Tatum is a 38% shooter for his career. He is below 32% this year. He'd be at 131 made instead of 109, so 22 additional misses. Horford has missed an extra 11 just based on his career average. Now Brown is at least close, but he still has missed 4 extra 3's this year instead of his career. But if you took those 37 extra misses and Boston as a team goes up 36% instead of 34%. Still a bit off last year, but all 3 of those guys also shot above their career averages last year. Had they shot the same percentages as last year Brown adds 9, Horford adds 12, and Tatum adds 24 or 45 extra 3's and now the team is up to 36.5%. If you add Smart, then the team is basically the same as last year as Smart went from 33% last year to 30.4% this year, which is 5 extra misses.
Is it just the DeRozan effect? Vucevic is taking 4.9 3's a game. That isn't exactly a low volume. He is only hitting them at 32.8 so he is bringing down the percentage a lot.
If you have DeRozan on your team you will be one of the lowest if not the lowest 3 point shooting attempts in the league since he is a high volume scorer and takes a huge amount of midrange shots and drives but only a few 3s.
They also have Vucevic who takes most of his shots in either the midrange or paint area who is a good scorer also.
Reminds me of the DeRozan-Aldridge duo in San Antonio that also had the Spurs amongst the lowest volume three point shooting in the league.
Boston's big issue is that Tatum isn't hitting his shots at near the percentage you would expect (Brown is also down some), Smart still continues to shoot nearly 5 a game at a low percentage. In addition, Horford has been bad and way below his career average and is over 4 attempts a game. Aside from Smart though, you'd expect Tatum, Brown, and Horford to all shoot better and more in line with their career. If those 3 guys were hitting their career averages (which even that is all well below where they were last year), Boston's percentage would increase significantly. It isn't really a team problem, it is a Tatum, Brown, and Horford problem.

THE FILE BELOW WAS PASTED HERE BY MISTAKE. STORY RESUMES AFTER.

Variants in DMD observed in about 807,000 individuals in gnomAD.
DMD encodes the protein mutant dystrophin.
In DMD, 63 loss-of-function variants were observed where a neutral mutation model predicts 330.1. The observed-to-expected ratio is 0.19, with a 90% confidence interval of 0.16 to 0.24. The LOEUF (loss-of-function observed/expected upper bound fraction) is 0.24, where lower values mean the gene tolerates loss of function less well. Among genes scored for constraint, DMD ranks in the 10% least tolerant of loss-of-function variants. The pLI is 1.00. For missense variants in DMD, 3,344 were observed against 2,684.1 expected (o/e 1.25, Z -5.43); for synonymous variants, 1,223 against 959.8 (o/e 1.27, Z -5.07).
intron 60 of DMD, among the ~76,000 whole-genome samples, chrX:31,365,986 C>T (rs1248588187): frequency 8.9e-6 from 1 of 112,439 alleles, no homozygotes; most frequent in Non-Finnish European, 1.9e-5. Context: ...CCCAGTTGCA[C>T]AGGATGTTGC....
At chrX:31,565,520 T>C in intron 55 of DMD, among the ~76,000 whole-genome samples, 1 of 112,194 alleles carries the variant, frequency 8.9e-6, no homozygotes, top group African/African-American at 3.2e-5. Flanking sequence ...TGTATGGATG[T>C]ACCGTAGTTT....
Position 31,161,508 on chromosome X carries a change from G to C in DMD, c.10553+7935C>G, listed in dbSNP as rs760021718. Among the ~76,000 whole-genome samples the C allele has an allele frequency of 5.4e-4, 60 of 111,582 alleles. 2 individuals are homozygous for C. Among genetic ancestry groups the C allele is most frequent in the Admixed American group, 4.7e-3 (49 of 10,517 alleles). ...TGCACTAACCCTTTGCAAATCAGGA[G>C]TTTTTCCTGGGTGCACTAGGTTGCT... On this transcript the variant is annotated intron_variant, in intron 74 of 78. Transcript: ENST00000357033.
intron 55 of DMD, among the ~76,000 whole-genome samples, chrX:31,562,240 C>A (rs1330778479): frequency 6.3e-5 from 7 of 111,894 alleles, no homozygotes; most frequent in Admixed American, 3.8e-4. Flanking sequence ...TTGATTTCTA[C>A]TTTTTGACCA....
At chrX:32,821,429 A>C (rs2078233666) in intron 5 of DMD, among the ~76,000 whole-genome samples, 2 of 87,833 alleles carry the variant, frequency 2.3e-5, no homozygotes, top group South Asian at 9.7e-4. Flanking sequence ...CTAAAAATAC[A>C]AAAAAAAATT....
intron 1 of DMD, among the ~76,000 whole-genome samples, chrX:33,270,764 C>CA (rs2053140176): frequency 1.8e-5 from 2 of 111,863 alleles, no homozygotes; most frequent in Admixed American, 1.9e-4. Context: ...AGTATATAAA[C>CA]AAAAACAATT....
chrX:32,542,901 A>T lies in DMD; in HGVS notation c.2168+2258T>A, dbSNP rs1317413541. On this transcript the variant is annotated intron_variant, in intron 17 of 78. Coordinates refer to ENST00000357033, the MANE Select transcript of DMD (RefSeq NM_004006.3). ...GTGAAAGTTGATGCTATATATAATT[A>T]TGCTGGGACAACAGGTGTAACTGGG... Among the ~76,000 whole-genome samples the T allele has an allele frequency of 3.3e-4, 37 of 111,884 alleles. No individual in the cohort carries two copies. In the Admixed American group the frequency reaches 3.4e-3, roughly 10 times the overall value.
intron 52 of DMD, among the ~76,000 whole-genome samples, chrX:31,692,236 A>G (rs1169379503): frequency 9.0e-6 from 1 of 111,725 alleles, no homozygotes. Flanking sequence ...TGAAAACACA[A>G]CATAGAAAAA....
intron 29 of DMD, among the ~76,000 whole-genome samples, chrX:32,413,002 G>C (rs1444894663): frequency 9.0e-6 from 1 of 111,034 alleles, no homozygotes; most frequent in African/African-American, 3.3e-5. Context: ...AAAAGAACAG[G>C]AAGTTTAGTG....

The team has 5 players shooting over 36% from 3pt and only one of them is a starter and thatís Jaylen Brown. The two best 3pt shooters, Richardson and Grant account for only 7 attempts per game, Smart takes 5 and the Jís combine for 18. It absolutely is a team problem. They are having an off year and the coach refuses or is unable to change strategy. Then you have the Bulls With the best record in the east, best 3pt shooting percentage in the league and they take the least amount of 3ís in the NBA. Udoka just has no idea what heís doing with the offense.
The C's best shooters aren't shooting very well. That is the problem with the team. I mean when Dennis Schroder is the best 3 point shooter of everyone with at least 15 games started, that is the problem with the team.
I find myself rarely agreeing with you, Moranis, but it really is as simple as this. Last year Tatum shot 41% on open or wide open 3s. The year before it was 42%.
This year it is 33%. He's even getting a greater percentage his attempts as open and wide open 3s this year (71% of his 3-point attempts, and 27.5% of his overall attempts). When your most dangerous shooter can't hit the most makeable shots, it's a difficult problem to overcome.
I got bored during my lunch break. If the only thing different that happened differently this year was Tatum making his open and wide open 3s at the same rate he did last year (he can continue shooting worse on contested 3s), the Celtics offensive rating would be 1.2 points per 100 higher, bumping them from 22nd to 16th in the league, and their net rating would be 9th overall, ahead of Brooklyn. And given the number of close games the Celtics have lost this year, it's pretty likely the record would be noticeably improved. In other words, holding everything else constant, Tatum making his open 3s at his historical rate bumps the offense from bad to average, and makes them a top 10 team in the league overall. There would probably be some additional benefits that flowed from this as well, but even without it, Tatum getting his shooting right would significantly change this team by itself.
I guess this is also why I'm somewhat hopeful for the rest of the season. Suddenly not being able to hit open shots seems fluky, and a reversion to the mean feels reasonable. It doesn't mean we'd become a title contender, but hoping that a 23 year-old just does the same thing he did as a 21 and 22-year old doesn't feel unrealistic.